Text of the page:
There are two vital archival materials that are collected and preserved for posterity. The first are the textual and non-textual records created by an individual, institution, or company. These are correspondences, reports, contracts and other agreements (textual); and photographs, illustrations, and memorabilia (non-textual). These are traditionally preserved for their significance and historical values.
The other are ‘ephemera’—things which are normally discarded after use. Printed items include posters, broadsheets and other transaction records like receipts, and transport or movie tickets. Once upon a time, they were considered trash with no permanent value. Everything has changed. These items are being collected and even displayed in museums now.
Receipts as proof of payment for items bought, or for services received, have existed for thousands of years. Early samples date back to ancient times. The earliest receipts were even written on cuneiform clay tablets in ancient Mesopotamia. Eventually, receipts were inscribed on plates, papyrus, and vellum. After paper was invented by the Chinese (around 105 A.D.) and eventually introduced worldwide via the Silk Road, it became the most popular receipt medium. It is still an in-demand material for writing notes, printing receipts, and for books.
The oldest receipt discovered in the Philippines was a copperplate found in the delta of the Pagsanjan River in 1986 or thereabouts. The ancient inscription on the plate was eventually deciphered as a debt payment transaction receipt between a lender and a borrower. Named the ‘Laguna Copperplate Inscription’ record, it is accepted as the oldest Philippine textual record—a 10th Century document for that matter.
Barter was the norm during early local trade with others. However, the introduction of money and paper changed everything. Trade transactions since the Spanish period have been done using money as payments and receipts as proofs of of this. An additional change was the use of language. Originally in Spanish, transactions shifted to English, sometimes Tagalog, or other languages and dialects.
On local automotive heritage related items like receipts, various samples have been discovered. They vary based on the kind of transaction—acquisition of cars or parts, payments for services rendered such as automotive repair, use of toll facility or parking slot, and even redemption of traffic offense tickets. All were also printed on paper in different dimensions (large to small) and designs (intricate to simple).
The earliest one (our main photo at the beginning of this article) is a dealer-purchase receipt for a 1911 Hupmobile runabout car. A certain Ms. Hidalgo bought the car for P1,950 on April 30, 1911. The large format receipt has a superbly printed masthead design that is likely a continuation of a stationary design trend from the late 19th Century. The Spanish language inscription on the receipt is definitely written by a person with excellent penmanship. Also attached is a one peso revenue tax stamp for the document.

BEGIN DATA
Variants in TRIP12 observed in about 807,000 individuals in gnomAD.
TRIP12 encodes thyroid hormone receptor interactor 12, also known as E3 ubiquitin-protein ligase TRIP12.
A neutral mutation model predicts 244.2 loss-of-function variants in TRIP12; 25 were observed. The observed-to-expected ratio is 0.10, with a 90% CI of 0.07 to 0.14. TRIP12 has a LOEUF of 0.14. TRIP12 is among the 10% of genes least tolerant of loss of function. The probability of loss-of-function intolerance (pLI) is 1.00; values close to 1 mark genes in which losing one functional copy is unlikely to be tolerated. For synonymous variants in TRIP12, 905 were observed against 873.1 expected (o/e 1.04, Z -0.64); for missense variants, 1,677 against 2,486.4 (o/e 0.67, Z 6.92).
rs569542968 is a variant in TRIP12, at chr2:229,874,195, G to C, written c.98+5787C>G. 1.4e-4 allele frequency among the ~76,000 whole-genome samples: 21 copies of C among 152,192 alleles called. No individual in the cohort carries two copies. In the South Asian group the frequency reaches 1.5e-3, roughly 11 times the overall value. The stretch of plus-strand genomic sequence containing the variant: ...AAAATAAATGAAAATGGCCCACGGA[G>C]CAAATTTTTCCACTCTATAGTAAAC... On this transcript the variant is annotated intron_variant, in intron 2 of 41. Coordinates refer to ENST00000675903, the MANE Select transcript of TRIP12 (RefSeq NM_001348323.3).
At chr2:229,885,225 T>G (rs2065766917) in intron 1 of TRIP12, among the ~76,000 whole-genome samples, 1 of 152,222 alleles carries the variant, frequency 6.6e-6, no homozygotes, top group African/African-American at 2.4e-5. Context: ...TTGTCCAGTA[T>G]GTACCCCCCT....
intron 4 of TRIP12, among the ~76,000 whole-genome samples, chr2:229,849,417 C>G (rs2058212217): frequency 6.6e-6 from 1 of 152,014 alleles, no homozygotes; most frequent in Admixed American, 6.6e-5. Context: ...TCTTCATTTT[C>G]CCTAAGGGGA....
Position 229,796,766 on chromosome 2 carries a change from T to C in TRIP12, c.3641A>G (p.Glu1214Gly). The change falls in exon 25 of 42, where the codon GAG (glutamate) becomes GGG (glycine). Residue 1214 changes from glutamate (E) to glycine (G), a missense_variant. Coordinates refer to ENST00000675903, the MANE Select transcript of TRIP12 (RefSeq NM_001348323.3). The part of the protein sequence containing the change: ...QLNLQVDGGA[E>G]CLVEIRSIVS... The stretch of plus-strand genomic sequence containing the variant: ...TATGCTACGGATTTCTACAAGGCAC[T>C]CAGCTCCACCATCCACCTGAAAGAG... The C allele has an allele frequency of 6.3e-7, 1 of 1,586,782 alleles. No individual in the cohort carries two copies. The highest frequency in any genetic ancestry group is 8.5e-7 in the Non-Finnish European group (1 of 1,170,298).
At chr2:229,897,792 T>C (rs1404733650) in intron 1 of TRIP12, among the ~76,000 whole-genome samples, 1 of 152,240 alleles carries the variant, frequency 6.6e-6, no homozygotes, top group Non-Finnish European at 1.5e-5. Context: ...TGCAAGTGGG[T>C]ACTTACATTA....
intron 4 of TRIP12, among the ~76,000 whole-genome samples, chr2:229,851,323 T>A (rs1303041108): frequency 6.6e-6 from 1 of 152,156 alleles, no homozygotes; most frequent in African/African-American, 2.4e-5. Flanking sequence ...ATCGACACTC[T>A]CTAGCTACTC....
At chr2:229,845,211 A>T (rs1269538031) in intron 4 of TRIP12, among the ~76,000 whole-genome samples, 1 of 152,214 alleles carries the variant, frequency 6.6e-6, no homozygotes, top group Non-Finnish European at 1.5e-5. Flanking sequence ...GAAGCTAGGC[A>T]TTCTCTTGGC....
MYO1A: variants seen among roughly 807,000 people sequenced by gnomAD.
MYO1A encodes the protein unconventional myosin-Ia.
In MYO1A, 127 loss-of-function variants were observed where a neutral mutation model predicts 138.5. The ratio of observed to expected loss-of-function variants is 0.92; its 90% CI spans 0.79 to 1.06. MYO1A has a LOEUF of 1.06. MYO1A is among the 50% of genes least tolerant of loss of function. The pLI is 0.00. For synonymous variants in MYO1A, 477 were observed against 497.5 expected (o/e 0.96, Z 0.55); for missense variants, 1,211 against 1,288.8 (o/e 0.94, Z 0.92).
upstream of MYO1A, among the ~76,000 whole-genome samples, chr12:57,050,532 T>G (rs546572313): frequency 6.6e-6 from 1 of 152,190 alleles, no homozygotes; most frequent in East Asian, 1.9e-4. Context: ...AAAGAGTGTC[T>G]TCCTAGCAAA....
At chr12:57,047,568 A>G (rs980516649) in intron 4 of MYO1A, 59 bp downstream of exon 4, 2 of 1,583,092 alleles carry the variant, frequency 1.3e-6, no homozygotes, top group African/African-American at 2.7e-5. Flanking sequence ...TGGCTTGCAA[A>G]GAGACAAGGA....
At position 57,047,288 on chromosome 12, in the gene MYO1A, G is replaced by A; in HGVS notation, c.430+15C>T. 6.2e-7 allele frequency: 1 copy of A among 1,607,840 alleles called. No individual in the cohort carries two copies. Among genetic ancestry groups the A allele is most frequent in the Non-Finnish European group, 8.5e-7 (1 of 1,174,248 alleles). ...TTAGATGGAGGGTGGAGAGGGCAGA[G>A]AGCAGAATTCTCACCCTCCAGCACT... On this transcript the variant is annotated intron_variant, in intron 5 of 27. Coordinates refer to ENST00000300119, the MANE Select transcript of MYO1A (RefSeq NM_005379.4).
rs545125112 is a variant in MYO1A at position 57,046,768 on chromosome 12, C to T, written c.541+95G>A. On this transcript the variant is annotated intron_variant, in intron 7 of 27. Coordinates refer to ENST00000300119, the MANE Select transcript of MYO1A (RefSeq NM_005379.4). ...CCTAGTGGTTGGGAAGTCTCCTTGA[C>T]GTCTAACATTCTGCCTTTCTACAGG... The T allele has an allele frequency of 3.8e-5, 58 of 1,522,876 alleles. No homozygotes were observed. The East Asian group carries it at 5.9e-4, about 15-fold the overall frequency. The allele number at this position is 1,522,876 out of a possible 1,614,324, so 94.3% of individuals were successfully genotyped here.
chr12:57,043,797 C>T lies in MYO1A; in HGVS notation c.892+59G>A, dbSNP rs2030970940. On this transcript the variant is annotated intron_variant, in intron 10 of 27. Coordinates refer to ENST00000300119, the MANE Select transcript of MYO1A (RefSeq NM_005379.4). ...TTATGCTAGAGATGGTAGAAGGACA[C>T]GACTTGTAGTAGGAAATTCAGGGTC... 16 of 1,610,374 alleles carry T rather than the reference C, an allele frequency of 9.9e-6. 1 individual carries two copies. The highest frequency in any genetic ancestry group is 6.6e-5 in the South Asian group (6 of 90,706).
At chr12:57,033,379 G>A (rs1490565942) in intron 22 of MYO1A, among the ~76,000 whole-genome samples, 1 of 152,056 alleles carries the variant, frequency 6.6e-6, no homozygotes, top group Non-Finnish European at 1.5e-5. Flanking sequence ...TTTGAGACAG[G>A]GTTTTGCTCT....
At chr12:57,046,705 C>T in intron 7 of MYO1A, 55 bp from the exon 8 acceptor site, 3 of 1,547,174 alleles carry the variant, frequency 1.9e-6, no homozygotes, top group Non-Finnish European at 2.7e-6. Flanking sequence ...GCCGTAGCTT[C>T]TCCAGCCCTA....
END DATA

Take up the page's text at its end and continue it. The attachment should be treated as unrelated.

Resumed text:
By the 1930s, intricately designed mastheads and formats were replaced by simple ones. Likewise, many inscriptions were made with the use of typewriters. Store or shop attendants usually scribbled using pencils on a generic receipt and or invoice papers for gasoline and parts acquisitions. Ballpens were not yet in the market. Fountain pens were reserved for and used only when signing official letters (offers, price quotations, service cost estimates, etc.). A fountain pen was considered a luxury item, even among field employees who delivered billing statements to clients everywhere. The use of pencils was carried on until the 1950s.
Paper was scarce during World War II, so the backsides of unused stationeries and broadsheets were used. Many Japanese-sponsored Philippine government documents, including vehicle registration receipts, were printed on recycled paper then.
Automotive transaction receipts were varied during the 1950s. However, a single format was adapted per brand. The local dealer of Mercedes-Benz will definitely follow the design used in Germany, save for the difference in language. Other sellers, whether automobile units, parts suppliers, and gasoline dealers, also use internationally accepted transaction formats for uniformity.
Receipts are still evolving. Some are printed by computers with added security features like embedded fibers or holograms. These can be seen on box labels. Order transactions are done online via credit card now. While less paper receipts are used, and perhaps even none at all in the near future, people will still continue to collect all kinds of automobilia—from enamel car-brand signs, to miniature payment receipts like expressway toll tickets. There will always be people who feel nostalgic. As some collectors are very impulsive or excessive, automotive heritage seekers will likely create museums, libraries, and archives.
New collectors will also sprout, but they have to careful not to buy fake items. In short: Buyers beware.